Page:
United States of America, Appellee, v. Norman E. Frisby, Defendant, Appellant, 258 F.3d 46 (1st Cir. 2001)Annotate this Case
Submitted June 20, 2001Decided August 6, 2001
APPEAL FROM THE UNITED STATES DISTRICT COURT FOR THE DISTRICT OF RHODE ISLAND
[Hon. Mary M. Lisi, U.S. District Judge]
Donald C. Lockhart, Assistant United States Attorney, Margaret E. Curran, United States Attorney and Mary E. Rogers, Assistant United States Attorney on brief for appellee.
Richard F. Comenzo on brief for appellant.
Before Boudin, Chief Judge, Torruella and Lynch, Circuit Judges.
LYNCH, Circuit Judge.
As a result of three heroin transactions over several weeks in which Norman Frisby sold 0.8 grams of heroin, he was sentenced (after his guilty plea) to 151 months, or more than 12 years imprisonment. The lengthy sentence resulted from the district court's finding that Frisby was a career offender, based on at least two (in fact, five) prior state convictions for distribution of heroin. Frisby says he is a drug addict. If Frisby had not been a career offender, his sentencing range would have been 24 to 30 months, or roughly 10 years less.
Frisby appeals from his sentence, making three arguments. First, he claims that the sentencing guidelines' career offender provision, U.S.S.G. § 4B1.1, conflicts with 28 U.S.C. § 994(h), and contends that his sentence is unlawful. Second, he claims that his sentence violates the Eighth Amendment because it is grossly disproportionate to the gravity of his offense. Third, he claims a breach of plea agreement (or fraud in the inducement) because the government agreed not to file an information under 21 U.S.C. §a851, but then argued his prior criminal history should be used to increase his sentence under the career offender provision. Frisby requests this Court to recalculate his sentence as a non-career offender or to reverse the district court's career offender finding and remand to reevaluate his sentence. We deny Frisby's request and affirm the sentence.
On June 30, 1999, a federal grand jury indicted Frisby on three counts of distributing heroin, in violation of 21 U.S.C. §§ 841(a) (1) and 841(b) (1) (C). Two months later, Frisby pled guilty to all three charges. In exchange for Frisby's plea, the government agreed (1) to recommend the lowest term of imprisonment for the offense level determined by the court under the sentencing guidelines; (2) to recommend a reduction in the offense level for acceptance of responsibility under U.S.S.G. § 3E1.1; and (3) not to file an information under 21 U.S.C. § 851 seeking an enhanced sentence due to Frisby's prior drug convictions. The district court accepted Frisby's plea and notified him that it could not advise him of the nature of his sentence because his Pre-Sentence Report had not been completed.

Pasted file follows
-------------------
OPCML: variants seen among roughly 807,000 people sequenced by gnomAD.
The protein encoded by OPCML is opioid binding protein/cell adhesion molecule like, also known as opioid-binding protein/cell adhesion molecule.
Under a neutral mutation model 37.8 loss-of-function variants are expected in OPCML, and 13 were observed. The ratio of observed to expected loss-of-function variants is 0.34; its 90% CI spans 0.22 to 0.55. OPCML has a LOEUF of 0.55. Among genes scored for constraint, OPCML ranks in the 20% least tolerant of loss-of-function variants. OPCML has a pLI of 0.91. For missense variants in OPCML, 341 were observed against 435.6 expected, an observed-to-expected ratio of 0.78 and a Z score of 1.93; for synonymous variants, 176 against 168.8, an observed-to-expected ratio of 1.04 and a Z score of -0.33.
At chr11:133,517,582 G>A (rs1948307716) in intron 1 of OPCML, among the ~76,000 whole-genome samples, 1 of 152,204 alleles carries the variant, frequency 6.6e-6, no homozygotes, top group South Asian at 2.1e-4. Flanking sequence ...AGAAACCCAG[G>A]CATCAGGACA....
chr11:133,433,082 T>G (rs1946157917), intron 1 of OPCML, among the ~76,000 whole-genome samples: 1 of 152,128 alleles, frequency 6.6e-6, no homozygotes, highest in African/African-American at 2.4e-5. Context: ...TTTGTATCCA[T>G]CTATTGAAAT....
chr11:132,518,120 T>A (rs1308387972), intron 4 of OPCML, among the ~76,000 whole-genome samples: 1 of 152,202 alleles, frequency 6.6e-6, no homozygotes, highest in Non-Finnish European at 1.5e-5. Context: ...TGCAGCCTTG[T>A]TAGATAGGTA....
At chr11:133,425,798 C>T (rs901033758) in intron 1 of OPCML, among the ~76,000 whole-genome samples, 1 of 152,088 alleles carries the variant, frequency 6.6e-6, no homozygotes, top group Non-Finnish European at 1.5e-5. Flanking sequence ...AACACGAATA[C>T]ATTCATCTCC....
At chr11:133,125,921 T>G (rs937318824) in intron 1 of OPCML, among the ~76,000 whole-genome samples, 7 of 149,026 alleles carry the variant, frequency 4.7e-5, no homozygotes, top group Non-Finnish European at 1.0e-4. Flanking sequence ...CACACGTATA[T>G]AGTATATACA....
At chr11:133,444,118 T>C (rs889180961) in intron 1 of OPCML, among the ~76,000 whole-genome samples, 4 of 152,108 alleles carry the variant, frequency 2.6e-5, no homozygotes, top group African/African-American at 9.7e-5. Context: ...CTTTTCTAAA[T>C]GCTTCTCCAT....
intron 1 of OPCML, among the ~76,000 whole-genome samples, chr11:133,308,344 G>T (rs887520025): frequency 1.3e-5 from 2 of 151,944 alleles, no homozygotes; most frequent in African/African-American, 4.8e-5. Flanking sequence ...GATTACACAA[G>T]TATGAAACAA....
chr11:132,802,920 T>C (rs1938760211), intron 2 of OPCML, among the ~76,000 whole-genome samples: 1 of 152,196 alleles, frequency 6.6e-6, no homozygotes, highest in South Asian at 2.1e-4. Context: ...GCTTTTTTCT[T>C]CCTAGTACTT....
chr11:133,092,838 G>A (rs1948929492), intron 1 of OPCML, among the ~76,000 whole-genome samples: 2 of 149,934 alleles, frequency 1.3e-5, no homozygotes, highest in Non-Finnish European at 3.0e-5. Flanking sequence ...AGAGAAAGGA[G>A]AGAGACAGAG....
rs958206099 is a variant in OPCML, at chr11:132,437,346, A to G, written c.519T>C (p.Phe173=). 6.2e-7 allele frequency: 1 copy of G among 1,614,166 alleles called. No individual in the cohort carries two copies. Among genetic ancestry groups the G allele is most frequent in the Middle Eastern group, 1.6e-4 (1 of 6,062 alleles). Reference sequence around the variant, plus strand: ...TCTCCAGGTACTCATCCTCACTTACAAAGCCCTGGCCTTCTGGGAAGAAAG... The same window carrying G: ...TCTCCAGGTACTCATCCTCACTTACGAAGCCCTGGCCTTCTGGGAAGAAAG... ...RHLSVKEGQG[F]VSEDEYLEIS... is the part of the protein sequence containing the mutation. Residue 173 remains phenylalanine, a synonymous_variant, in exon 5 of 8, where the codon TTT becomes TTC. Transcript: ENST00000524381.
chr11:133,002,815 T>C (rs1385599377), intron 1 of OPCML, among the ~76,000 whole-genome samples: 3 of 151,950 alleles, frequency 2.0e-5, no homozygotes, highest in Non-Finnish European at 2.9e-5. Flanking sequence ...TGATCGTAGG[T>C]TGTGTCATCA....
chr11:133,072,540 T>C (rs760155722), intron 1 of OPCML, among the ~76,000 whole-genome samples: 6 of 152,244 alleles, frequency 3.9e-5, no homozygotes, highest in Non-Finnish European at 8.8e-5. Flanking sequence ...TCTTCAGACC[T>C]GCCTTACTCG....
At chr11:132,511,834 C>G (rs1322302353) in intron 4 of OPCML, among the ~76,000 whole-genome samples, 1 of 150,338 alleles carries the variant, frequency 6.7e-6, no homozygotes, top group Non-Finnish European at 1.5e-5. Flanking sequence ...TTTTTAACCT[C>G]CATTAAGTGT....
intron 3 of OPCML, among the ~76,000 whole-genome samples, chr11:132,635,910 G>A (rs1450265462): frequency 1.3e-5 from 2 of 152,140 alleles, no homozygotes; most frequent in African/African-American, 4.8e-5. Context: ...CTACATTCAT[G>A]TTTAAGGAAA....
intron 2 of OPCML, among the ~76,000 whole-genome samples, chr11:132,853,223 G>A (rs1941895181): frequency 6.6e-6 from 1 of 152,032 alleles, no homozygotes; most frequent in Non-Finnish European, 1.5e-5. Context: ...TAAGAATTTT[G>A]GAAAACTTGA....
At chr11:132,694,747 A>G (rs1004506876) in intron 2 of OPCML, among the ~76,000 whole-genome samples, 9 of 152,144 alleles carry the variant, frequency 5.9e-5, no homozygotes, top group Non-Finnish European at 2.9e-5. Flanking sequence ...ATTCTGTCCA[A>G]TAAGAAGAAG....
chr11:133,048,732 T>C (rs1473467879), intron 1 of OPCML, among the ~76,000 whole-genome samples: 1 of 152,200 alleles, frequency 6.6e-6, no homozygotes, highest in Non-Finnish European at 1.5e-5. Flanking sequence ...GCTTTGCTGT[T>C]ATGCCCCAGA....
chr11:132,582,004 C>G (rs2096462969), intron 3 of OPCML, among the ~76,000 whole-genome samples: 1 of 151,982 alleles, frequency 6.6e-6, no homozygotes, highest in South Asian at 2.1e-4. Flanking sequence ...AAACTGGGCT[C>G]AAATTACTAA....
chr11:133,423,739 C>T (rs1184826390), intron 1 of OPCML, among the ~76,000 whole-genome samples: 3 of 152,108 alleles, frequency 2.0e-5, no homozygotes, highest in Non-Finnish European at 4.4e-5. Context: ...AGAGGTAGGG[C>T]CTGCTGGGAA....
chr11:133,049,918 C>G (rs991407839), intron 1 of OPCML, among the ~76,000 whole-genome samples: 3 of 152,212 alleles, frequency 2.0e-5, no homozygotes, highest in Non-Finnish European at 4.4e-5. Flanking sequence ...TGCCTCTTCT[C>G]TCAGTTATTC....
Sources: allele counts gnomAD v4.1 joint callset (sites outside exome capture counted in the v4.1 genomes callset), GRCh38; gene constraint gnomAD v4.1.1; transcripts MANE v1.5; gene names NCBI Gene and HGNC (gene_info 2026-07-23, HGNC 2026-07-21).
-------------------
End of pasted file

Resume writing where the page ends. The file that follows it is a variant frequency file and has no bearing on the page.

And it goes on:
On October 15, 1999, the Probation Department filed Frisby's PSR, which concluded that under U.S.S.G. § 2D1.1 Frisby's base offense level was 12, but that the offense level increased to 32 upon applying the guidelines' career offender provision.1 The PSR credited Frisby with a three-level reduction in his offense level for acceptance of responsibility, see U.S.S.G. § 3E1.1(b) (2), yielding an offense level of 29 and a recommended prison range of 151 to 188 months.
On November 4, 1999, Frisby's counsel filed a motion for a downward departure. The motion stated that (1) Frisby suffered from poor representation in his prior cases; (2) his prior offenses involved exceedingly small quantities of heroin; (3) he was a drug addict; (4) the three charged offenses involved exceedingly small quantities of heroin; and (5) the proposed sentence was significantly greater than it would have been had the PSR not applied the career offender provision. At the November 18, 1999, sentencing hearing, Frisby's counsel renewed these objections orally. These were the only objections raised prior to or at the sentencing hearing. The district court considered and denied the departure motion, and sentenced Frisby to 151 months of incarceration plus 3 years of supervised release. Frisby now challenges his sentence as in violation of law. All three of Frisby's claims are forfeited because he did not raise them in the district court. Reviewing his claims for plain error, we decide all three claims against Frisby.